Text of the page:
WASHINGTON - With any luck, the second half of this year will be better than the so-far-rocky first half.
But when the economy begins to snap out of its funk, how will we know?
Like calling a recession, pinpointing the turnaround can be as much art as science. Economists agree there could be some strong signals to look for, however: a calmer stock market, an end to falling home prices, and more jobs being created.
We're not there yet.
Although some economists have backed off their recession talk, the economy by all accounts still is suffering through difficult times:
Economic growth has slowed sharply.
Employers have cut jobs for four months in a row.
Problems in housing, credit and financial markets have forced skittish people and businesses alike to hunker down.
Still, there's hope that the economy's growth will begin picking up later this year.
Experts will be looking at a variety of barometers to mark the arrival of a rebound, but it's by no means definitive or foolproof.
One important indicator is the stock market. The turbulence that has engulfed Wall Street since last summer and hit a crisis point with the near collapse of investment firm Bear Stearns Cos. Inc. has calmed somewhat.
The Dow Jones industrial average, for instance, has clawed its way out of a recent bottom - of 11,740.15 - hit in March. However, the index hovering just under 13,000 is well below the 14,087.55 it reached in early October last year. Financial markets remain fragile.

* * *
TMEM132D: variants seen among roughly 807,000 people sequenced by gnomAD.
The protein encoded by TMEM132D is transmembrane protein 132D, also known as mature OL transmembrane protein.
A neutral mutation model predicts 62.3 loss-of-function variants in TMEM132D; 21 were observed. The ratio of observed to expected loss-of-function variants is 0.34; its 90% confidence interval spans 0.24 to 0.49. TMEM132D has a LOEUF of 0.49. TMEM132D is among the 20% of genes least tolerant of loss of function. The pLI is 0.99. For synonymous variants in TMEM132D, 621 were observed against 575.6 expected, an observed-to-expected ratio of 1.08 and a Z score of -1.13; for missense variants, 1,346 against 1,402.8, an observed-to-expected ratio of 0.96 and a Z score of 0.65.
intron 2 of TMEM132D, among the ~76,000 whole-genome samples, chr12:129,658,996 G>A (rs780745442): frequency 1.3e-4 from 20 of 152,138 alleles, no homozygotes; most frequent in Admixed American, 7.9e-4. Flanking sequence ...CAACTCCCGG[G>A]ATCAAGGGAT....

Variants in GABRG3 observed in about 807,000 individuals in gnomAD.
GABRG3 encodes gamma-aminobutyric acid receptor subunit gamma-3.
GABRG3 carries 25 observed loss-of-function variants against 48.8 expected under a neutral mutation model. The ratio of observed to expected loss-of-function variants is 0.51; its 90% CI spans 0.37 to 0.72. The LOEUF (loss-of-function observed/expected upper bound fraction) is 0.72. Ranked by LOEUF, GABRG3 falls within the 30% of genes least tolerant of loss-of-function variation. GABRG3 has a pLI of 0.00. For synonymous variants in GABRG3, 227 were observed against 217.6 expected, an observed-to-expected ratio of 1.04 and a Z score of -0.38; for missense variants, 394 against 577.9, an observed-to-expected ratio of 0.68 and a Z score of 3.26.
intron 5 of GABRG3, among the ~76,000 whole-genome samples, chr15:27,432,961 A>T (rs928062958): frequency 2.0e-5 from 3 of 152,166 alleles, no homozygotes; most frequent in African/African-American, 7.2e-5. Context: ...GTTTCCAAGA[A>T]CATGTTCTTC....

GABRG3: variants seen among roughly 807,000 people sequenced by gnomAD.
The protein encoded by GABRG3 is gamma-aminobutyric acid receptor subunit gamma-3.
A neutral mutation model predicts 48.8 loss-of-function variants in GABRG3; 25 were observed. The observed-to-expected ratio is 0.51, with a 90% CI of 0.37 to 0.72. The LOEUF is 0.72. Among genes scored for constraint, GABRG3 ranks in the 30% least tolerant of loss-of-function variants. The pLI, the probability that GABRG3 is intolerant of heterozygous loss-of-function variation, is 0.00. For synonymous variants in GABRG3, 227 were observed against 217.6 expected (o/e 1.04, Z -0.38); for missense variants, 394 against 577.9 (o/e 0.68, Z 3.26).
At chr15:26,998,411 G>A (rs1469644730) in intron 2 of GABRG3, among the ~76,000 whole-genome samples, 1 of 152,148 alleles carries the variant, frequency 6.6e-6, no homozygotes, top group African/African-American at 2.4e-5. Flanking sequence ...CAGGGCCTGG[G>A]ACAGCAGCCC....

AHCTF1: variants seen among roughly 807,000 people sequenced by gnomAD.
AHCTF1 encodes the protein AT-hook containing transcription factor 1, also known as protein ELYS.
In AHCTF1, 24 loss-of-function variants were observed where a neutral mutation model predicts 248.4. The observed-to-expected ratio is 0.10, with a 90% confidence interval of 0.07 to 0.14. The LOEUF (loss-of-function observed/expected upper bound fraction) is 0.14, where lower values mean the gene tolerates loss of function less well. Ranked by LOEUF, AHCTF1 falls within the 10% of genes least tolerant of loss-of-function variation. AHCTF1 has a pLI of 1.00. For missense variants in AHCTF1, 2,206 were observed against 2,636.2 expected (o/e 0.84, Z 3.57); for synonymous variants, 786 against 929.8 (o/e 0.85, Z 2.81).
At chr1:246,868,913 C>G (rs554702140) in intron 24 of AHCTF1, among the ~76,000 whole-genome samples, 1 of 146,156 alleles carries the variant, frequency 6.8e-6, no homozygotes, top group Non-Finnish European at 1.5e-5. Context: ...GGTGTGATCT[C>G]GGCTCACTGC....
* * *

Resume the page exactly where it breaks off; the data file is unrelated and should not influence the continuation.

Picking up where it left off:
Investors are looking ahead - at the economy's prospects and individual businesses - when they make investment decisions.
"The canary in the coal mine is really financial markets," said Sung Won Sohn, an economics professor at California State University. "The stock market recovery almost always precedes the economic recovery by about six months or so."
In the current bout of economic troubles, fallout from the two-year-old housing collapse and subsequent credit and financial problems has driven the pullback by consumers, businesses and Wall Street.
That is why economists will be looking for signs of stabilization in the housing market. Specifically, housing prices will have to stop falling or at least decline at a slower pace in many parts of the country. As many Americans have watched their single-biggest asset - their home - shrink in value, they have become much more cautious in the spending, contributing to the economy's slowdown.
Improvements in housing prices also are important to a return to stability because housing prices figure into the value of a host of securities, such as mortgage-backed securities and derivatives.
Improving housing prices also would ripple through credit markets, making lenders more willing to make loans to people and businesses. That, in turn, would help bolster confidence in financial markets, economists said.